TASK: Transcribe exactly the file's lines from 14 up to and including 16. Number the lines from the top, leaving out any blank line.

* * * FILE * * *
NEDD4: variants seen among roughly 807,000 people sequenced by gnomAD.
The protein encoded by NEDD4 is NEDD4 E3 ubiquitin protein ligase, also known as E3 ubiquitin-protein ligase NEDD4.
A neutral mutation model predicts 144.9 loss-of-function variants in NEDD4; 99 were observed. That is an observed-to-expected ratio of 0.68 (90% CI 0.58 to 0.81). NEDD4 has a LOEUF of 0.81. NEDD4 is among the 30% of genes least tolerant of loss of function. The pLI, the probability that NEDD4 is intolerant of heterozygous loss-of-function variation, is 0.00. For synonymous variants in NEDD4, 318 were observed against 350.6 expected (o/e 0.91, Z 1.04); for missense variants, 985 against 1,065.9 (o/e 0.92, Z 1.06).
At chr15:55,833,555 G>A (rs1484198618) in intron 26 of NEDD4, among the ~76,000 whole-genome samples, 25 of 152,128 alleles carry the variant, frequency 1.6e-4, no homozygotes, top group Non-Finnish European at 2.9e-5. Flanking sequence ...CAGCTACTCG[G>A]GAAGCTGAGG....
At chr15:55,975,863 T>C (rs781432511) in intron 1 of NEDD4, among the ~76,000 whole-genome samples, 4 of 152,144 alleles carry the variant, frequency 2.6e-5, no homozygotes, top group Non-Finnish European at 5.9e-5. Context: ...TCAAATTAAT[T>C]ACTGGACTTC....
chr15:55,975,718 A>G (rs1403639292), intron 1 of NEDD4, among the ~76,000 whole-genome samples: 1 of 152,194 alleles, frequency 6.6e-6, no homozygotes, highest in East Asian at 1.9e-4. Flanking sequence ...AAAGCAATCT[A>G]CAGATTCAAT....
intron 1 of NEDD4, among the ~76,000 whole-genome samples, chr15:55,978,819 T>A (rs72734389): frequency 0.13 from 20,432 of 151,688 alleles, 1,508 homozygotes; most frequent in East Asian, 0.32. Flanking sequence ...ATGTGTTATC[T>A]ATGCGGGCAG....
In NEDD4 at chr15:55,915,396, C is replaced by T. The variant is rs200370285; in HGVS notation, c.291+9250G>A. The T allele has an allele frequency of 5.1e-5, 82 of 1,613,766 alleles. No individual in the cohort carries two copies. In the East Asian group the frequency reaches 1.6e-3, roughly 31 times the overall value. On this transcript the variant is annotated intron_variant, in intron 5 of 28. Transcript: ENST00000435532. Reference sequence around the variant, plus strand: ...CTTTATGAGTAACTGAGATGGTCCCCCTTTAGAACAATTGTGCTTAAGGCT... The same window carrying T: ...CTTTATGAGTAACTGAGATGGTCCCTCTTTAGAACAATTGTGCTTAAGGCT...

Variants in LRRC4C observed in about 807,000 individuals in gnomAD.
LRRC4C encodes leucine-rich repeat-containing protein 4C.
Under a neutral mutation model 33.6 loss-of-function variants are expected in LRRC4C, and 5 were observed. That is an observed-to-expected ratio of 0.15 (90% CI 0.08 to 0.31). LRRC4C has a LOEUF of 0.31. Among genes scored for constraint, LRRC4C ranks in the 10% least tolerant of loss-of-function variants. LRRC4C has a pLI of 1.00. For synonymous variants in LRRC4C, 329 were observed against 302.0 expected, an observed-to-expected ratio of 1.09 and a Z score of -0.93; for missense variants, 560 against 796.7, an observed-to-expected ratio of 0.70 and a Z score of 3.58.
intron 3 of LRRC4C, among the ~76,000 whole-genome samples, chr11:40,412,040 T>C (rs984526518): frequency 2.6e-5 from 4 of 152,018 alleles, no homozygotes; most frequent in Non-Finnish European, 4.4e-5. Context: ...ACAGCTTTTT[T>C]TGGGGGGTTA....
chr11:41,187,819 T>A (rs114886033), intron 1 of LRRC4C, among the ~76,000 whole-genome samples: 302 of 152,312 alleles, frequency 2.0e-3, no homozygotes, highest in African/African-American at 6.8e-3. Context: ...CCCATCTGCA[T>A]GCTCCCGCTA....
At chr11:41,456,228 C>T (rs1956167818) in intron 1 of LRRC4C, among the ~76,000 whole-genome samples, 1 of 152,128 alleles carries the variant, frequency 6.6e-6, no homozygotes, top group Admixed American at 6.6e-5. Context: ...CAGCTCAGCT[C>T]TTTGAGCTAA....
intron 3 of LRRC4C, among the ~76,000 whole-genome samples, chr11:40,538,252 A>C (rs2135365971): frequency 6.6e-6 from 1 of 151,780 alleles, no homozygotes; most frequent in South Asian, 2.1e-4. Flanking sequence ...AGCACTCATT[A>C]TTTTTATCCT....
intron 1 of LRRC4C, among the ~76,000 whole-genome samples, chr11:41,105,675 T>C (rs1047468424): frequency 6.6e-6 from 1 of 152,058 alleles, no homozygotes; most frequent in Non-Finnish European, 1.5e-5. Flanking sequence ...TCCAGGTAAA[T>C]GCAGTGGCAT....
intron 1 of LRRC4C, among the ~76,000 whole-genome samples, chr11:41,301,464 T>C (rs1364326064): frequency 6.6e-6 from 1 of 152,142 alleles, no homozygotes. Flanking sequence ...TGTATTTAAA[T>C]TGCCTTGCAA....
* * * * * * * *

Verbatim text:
At chr11:41,456,228 C>T (rs1956167818) in intron 1 of LRRC4C, among the ~76,000 whole-genome samples, 1 of 152,128 alleles carries the variant, frequency 6.6e-6, no homozygotes, top group Admixed American at 6.6e-5. Context: ...CAGCTCAGCT[C>T]TTTGAGCTAA....
intron 3 of LRRC4C, among the ~76,000 whole-genome samples, chr11:40,538,252 A>C (rs2135365971): frequency 6.6e-6 from 1 of 151,780 alleles, no homozygotes; most frequent in South Asian, 2.1e-4. Flanking sequence ...AGCACTCATT[A>C]TTTTTATCCT....
intron 1 of LRRC4C, among the ~76,000 whole-genome samples, chr11:41,105,675 T>C (rs1047468424): frequency 6.6e-6 from 1 of 152,058 alleles, no homozygotes; most frequent in Non-Finnish European, 1.5e-5. Flanking sequence ...TCCAGGTAAA[T>C]GCAGTGGCAT....